British thriller Trap For Cinderella hits DVD this week, offering up plenty of twists and turns in an enjoyable offering.

Up-and-coming stars Tuppence Middleton and Alexandra Roach take the leads in this Hitchcockian effort, which centres on a tragic fire, plastic surgery, amnesia and plenty of psychological thrills-and-spills.

To mark the release, here’s a chat with Middleton, the 26-year-old Bristol-born actress who already has appearances in the likes of Tormented, Cleanskin and Trance under her belt.


Q: Can you tell us a bit about your character?

TM: I play Michele Dean, but everyone calls her Mickey. When we first meet her in the film she wakes up after a house fire with amnesia. It goes back in time and she retraces her steps and her memories through what people are telling her. Post-fire, to find out that her identity, what sort of person she was and regain her memory. And pre-fire is a kind of very different kind of Mickey, very outgoing. She comes from a relatively wealthy background and she is due to inherit but she hasn’t yet. She is troubled but very magnetic – hence why she attracts the attention of this girl; her friend Do (played by Alexandra Roach).


Q: How did you go about getting the part?

TM: The script’s been around for kind of a couple of years. When I first left drama school, about two and a half years ago, it wasn’t long after I left that I went up for it initially. I really loved the script and always remembered it, but it didn’t happen at that point. Then a couple of years down the line my agent said this project has come back and I said “Yes!” I do remember I loved it and really loved the character at that time. It’s funny because when I first read it I felt an affinity with it and felt like I would want to do it. I met (director) Iain Softley a few times; auditioned with a few different girls and here we are!


Q: I hear it was quite a lengthy rehearsal process?

TM: We had quite a few rounds actually, maybe three or four rounds, and it was good actually. It was nice that it was very thorough. Obviously he had a very clear picture of what he wanted and what he wanted for the parts. I read with a few different girls, just chemistry reading really, to see how we got on, to see how we looked together. Because obviously it’s an important part of the script – not that we look exactly the same – but something about us becomes quite similar. And as soon as I read with Alex, I kind of knew, yeah, I think she’s gonna get it.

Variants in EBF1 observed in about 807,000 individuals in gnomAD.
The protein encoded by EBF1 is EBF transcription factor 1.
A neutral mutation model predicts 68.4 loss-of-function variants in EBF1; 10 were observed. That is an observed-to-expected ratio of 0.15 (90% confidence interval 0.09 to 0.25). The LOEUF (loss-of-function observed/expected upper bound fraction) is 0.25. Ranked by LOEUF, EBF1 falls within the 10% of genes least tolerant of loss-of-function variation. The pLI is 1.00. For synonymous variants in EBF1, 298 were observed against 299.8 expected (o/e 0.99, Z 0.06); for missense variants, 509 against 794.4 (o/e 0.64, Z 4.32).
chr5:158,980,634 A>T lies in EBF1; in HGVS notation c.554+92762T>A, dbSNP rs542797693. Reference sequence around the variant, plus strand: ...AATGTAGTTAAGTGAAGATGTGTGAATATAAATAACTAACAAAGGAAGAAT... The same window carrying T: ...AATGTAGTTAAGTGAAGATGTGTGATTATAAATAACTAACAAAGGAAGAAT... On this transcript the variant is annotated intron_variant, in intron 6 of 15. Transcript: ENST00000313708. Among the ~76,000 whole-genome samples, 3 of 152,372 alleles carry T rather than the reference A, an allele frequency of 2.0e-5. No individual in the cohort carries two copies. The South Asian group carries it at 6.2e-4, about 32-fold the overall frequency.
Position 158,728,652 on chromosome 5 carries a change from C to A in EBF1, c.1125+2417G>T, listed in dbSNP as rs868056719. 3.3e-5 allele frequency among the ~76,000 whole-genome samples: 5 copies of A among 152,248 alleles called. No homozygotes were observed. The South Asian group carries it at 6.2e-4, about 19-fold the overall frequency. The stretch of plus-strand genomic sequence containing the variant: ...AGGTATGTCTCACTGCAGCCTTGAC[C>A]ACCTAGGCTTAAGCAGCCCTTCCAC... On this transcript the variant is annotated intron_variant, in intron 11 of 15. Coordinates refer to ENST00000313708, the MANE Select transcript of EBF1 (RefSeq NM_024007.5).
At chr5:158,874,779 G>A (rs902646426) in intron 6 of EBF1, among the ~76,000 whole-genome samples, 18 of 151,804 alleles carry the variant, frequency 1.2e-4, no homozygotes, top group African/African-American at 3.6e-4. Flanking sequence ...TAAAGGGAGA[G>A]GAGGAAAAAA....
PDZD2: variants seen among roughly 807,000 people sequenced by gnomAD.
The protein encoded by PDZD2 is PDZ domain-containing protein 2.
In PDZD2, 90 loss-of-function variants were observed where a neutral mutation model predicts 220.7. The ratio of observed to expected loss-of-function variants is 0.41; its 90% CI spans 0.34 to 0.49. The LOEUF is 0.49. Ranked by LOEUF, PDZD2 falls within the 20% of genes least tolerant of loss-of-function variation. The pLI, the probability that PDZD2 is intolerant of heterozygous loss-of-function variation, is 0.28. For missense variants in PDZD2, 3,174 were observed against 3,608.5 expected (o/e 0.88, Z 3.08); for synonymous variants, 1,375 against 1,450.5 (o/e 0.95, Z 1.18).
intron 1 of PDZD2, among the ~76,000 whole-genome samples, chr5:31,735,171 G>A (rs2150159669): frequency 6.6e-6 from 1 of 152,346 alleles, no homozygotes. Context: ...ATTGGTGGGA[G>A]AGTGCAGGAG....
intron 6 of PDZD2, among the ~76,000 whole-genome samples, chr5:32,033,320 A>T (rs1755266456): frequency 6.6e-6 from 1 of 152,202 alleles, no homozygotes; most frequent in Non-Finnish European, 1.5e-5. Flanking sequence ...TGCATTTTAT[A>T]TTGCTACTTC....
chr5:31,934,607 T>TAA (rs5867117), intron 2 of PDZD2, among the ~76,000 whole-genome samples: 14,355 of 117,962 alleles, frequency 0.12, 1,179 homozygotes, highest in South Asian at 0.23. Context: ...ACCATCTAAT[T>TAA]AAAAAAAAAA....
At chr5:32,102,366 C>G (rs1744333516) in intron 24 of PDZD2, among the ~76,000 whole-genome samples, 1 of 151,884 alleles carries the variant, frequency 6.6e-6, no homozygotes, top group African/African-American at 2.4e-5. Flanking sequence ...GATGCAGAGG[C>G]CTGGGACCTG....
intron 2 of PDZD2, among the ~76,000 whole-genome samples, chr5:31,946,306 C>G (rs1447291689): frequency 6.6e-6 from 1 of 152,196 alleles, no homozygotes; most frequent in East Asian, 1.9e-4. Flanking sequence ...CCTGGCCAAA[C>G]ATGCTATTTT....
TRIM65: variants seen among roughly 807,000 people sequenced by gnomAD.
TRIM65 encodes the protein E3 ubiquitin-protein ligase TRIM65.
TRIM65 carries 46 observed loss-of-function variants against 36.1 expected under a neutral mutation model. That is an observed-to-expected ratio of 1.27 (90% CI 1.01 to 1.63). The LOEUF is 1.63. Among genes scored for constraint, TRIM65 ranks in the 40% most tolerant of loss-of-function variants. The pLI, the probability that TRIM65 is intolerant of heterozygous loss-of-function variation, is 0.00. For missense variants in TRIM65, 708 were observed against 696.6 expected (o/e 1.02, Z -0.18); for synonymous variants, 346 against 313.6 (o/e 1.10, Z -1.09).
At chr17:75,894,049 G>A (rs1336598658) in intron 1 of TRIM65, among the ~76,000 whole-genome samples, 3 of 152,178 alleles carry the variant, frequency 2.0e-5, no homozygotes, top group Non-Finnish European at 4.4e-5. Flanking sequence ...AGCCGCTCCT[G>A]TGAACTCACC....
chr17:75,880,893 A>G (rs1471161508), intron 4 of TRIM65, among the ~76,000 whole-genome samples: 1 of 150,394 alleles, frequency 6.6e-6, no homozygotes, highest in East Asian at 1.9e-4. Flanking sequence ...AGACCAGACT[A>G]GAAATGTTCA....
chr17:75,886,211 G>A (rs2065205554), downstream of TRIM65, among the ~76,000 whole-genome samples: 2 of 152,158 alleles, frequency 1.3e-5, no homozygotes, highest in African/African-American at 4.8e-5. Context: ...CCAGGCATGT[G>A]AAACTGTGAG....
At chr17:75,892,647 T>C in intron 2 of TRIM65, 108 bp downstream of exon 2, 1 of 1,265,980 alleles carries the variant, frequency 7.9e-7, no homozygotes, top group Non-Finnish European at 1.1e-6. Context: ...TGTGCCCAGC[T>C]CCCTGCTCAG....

Q: How did you find working with director Iain Softley?

TM: When we got the part we went to meet Iain and we were there with the costumes and the makeup head of department. We talked about of vision of it, the look he wanted and he showed us various kinds of snippets of films he put together and type of music that he wanted. So he’s very clear about it. It’s absolutely his baby this project and he knew what he wanted from it. We have definitely been on the same page the whole way through and he’s he’s so into peoples input and ideas. That’s great from an actor’s point of view because we can have a scene, look at it and he’ll rework it with us.  He’s written but he’s really open to doing this and he’s very concise with what he wants from the script so it’s great.


Q: Your character develops quite a lot over the course of the film, doesn’t it?

TM: Micky’s seemingly extrovert and sociable but actually quite introverted in her own way, and Do at the start of the story is quite shy. She remembered Micky from when she was younger and always wanted to keep friendship going because of things that happened in the past. It’s a confidence thing, it’s an image thing, the way they dress, it’s just all very different. But then they start to become, as friends do, more alike and dress more alike and stuff it develops into something more unhealthy.


Q: The film is obviously based on a novel by Sebastien Japrisot – did you read it ahead of filming at all?

TM: I love the book. He’s a great writer. It’s just a great thriller and a really exciting read. In terms of, character stuff I spoke to my doctor, an amnesia doctor, who talked through some symptoms with me, and I asked him questions and he was really helpful. And I talked with Alex trying to find the differences in our characters and things that could become the same in how we speak, use your voice, you know, things like that. We also spent time together doing Bikram Yoga and we were separately training as well to try and make our bodies the same. In-depth things.


Q: The film spends a lot of time playing with audience expectations – did that appeal to you?

TM: It’s fun to making an audience work and to make an audience think. They don’t want it spelt out on a plate for them so I think it’s an exciting thing to go and watch. Especially as it has lots of twists and turns and keeps you guessing.



About The Author

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Simon is a journalism tutor in London, who also just happens to be a movie fanatic, with a craving for the darker side of cinema. He has written three books - on the horror films of director Bob Clark (2014), the history of the character Norman Bates (2015) and the work of British exploitation director Pete Walker (2017). He is currently working with director Richard Loncraine to explore all avenues in a bid to orchestrate the re-release of 1978 Mia Farrow chiller Full Circle